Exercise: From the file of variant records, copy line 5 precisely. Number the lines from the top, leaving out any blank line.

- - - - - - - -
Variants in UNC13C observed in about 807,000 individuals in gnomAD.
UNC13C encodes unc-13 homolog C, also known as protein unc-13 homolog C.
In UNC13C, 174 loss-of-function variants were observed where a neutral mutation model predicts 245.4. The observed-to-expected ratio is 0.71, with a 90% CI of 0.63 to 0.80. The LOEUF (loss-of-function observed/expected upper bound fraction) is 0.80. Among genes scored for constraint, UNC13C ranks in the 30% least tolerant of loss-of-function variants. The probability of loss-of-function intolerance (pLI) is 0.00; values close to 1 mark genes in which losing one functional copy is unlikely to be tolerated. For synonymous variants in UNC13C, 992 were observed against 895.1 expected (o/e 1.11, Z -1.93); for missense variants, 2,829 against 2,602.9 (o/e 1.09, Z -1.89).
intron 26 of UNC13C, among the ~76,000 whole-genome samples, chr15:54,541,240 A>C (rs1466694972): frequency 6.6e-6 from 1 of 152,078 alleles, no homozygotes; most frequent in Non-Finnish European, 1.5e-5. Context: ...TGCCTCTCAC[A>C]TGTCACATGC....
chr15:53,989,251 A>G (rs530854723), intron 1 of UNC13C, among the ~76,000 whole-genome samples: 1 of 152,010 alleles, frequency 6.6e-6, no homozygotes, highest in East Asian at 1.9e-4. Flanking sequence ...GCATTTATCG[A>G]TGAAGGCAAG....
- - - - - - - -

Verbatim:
chr15:53,989,251 A>G (rs530854723), intron 1 of UNC13C, among the ~76,000 whole-genome samples: 1 of 152,010 alleles, frequency 6.6e-6, no homozygotes, highest in East Asian at 1.9e-4. Flanking sequence ...GCATTTATCG[A>G]TGAAGGCAAG....